Art For Mixed Martial Art’s Sake
Stephan Bonnar and Forrest Griffin punched and kicked each other’s faces to a pulp for 15 minutes in 2005 to create the Bonnar-Griffin Boom—the explosion of mixed martial arts onto the national sporting landscape. MMA fans remember the fight fondly, but one fan in particular, Tom Scully—a long-time friend of Bonnar—needed a more tangible tribute than just a great memory. Scully needed a masterpiece of the masterpiece, so he commissioned a painting of the historic bout.
“When I actually saw the piece for the first time, I knew right away it wasn’t going to be hanging on my wall for long,” he says. Scully and Bonnar knew they had a lightbulb idea. They wanted to provide fight fans with artistic representations of classic UFC moments, so they formed NGAUGE inc—an art company meant to exhibit the more reputable and uplifting moments of fighting.
Bonnar and Scully had worked various jobs together over the years, some of which helped pay their way through college, but NGAUGE became the project they had always talked about while growing up back home in Indiana. They officially launched their new company at the UFC 100 Fan Expo in July 2009. The Bonnar-Griffin fight may have been a great catalyst, but they found no shortage of moments to commemorate once they started.
“Lyoto Machida raising his arms and saying,‘Karate is back.’ That image needed to be seen,” says Scully, listing one of his favorite moments that they’ve immortalized. “That stuff should be up at every dojo across the nation. Those are moments that everyone should hold on to.”
For Bonnar, who has never shied away from an entertaining fight, fine art that incorporates mixed martial arts is a no brainer because both are positively engaging. If he sees something cool happen in the Octagon, he wants to share it with everyone.
“My whole life I’ve tried telling my friends how MMA is the coolest thing ever, but no one really got it, no one really loved it the way I did,” says Bonnar. “Eventually, I had to show them—I just had to get in there and show them, and then they saw how cool it was.”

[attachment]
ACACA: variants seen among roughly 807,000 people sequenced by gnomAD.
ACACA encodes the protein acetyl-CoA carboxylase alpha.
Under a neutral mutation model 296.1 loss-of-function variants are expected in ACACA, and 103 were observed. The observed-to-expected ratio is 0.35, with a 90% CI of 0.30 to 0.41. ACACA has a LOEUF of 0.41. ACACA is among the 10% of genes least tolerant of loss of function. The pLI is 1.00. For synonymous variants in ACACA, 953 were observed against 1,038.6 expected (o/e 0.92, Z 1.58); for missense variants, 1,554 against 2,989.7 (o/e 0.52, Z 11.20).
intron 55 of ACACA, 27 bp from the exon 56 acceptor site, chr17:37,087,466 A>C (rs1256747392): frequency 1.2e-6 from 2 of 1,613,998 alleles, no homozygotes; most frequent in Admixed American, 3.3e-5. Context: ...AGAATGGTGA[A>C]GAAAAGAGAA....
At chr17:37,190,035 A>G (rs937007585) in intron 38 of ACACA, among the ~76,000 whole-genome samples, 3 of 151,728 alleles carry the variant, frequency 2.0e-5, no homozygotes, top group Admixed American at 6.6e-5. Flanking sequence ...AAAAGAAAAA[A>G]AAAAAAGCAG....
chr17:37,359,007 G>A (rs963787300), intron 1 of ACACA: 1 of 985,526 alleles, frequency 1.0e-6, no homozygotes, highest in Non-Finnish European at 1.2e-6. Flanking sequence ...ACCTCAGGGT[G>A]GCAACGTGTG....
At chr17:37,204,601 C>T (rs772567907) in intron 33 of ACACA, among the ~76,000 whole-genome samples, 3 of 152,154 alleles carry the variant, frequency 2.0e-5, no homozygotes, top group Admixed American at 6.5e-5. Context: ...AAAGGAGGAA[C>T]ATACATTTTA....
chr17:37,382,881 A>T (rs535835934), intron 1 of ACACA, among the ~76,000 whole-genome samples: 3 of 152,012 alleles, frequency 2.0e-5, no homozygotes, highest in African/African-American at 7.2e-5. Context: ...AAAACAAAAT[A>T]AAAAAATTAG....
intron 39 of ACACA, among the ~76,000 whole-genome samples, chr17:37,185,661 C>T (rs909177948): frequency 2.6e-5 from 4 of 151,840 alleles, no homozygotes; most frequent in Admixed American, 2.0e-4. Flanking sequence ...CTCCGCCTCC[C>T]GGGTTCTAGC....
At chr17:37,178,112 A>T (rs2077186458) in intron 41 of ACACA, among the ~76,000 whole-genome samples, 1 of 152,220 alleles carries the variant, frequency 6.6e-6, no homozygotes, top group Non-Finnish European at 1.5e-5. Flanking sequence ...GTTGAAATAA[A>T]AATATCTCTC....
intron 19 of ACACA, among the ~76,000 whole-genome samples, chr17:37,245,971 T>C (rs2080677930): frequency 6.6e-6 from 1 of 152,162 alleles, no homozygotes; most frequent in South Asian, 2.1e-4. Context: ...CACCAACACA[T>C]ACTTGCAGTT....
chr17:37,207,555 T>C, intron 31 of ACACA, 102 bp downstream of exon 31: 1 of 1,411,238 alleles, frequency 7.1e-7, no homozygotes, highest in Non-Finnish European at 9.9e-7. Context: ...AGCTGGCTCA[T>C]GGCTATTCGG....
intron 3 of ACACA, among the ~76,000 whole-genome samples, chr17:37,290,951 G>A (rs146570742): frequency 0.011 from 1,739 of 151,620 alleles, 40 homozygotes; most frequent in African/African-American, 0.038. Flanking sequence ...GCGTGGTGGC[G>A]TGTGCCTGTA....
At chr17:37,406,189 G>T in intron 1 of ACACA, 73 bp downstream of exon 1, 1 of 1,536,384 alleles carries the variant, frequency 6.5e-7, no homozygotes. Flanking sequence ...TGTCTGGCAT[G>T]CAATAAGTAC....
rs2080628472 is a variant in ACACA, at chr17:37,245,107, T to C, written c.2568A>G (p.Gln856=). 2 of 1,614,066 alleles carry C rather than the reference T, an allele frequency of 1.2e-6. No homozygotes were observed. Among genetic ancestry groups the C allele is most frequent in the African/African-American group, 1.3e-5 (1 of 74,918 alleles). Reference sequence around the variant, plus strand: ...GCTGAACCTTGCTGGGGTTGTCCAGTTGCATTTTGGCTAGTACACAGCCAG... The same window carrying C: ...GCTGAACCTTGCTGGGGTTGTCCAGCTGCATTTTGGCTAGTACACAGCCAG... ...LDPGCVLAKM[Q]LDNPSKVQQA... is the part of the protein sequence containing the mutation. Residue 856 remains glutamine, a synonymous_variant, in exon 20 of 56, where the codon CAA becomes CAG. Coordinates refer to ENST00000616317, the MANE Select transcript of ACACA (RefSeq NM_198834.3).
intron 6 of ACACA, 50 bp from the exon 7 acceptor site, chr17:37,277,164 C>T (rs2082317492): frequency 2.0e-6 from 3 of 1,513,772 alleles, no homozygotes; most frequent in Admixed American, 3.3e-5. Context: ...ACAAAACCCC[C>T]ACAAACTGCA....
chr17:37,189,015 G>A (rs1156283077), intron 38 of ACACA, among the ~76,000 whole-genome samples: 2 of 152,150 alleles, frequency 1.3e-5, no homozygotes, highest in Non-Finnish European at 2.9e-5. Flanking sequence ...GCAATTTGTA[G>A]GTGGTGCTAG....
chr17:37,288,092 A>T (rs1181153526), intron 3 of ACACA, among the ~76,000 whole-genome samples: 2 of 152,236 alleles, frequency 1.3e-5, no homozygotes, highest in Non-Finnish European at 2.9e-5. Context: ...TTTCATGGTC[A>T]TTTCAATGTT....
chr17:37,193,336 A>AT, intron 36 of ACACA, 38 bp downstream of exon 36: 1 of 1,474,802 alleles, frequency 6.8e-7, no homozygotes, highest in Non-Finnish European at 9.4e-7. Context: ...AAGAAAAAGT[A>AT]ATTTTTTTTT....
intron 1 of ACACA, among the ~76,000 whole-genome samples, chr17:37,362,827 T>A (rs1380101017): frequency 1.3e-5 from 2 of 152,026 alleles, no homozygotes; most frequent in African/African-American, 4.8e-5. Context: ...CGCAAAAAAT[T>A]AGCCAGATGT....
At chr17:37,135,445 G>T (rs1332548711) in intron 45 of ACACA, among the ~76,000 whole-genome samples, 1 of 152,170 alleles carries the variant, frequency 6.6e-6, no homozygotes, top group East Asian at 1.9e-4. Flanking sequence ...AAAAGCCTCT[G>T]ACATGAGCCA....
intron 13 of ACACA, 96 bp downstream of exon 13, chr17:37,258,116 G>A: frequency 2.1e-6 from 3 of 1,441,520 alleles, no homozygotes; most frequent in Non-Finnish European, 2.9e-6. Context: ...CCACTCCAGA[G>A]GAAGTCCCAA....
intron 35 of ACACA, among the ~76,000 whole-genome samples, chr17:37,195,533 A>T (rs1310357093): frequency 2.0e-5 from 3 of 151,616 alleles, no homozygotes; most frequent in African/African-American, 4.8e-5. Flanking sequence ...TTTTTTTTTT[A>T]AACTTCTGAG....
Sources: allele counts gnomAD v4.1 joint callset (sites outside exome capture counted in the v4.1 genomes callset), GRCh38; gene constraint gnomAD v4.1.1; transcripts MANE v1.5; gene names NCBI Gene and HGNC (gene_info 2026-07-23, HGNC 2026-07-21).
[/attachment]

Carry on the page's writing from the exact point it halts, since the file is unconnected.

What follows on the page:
As an accomplished athlete by reputation and a jokester at heart, Bonnar couldn’t help but illuminate the lighter side of MMA, so he and Scully came up with a “Trash Talkin’ Kids” ringer t-shirt line. The apparel features drawings by original Garbage Pale Kid artist Luis Diaz and gently jabs the sport’s most popular stars (Bonnar included), with titles such as “Brocked and Loaded,” “Josh-Kosh-Magosh,” “Gentleman Georges,” and “Master Bader.” After all, he concedes, it’s important to enjoy the work.
Both Bonnar and Scully are eager to contribute to the sport that afforded them this unique opportunity, and they acknowledge Charles “Mask” Lewis for his part in their artistic venture.
“Mask paved the way for people like us—free thinkers who pursue their passions,” says Scully.
“Before that fight with Forrest,” says Bonnar, “Mask found me and said, ‘Win or lose this fight, I like the way you bring it. I like your style. We’re gonna sponsor you. We’re gonna spot you. Even if you get knocked out in 10 seconds, I don’t care. I believe in you.’ That meant the world to me. After I lost that fight, he was true to his word and sponsored me.”
It’s not always easy running NGAUGE, even with Stephan Bonnar along for the ride. But any drawbacks they’ve encountered along the way have long been outweighed by the benefits. While some people conclude that a business is a fighter’s means to make a living after MMA, Bonnar will let them know otherwise. “Everyone says, ‘You’re trying to set yourself up for a life after fighting.’ Everyone says ‘life after fighting.’ I’m like, ‘No man, I need a life during fighting’” says Bonnar. “Before I was doing all this, when all I was doing was fighting, life was boring. Free time and where you find yourself in that free time is important—it’s important for a fighter to have an artistic outlet.”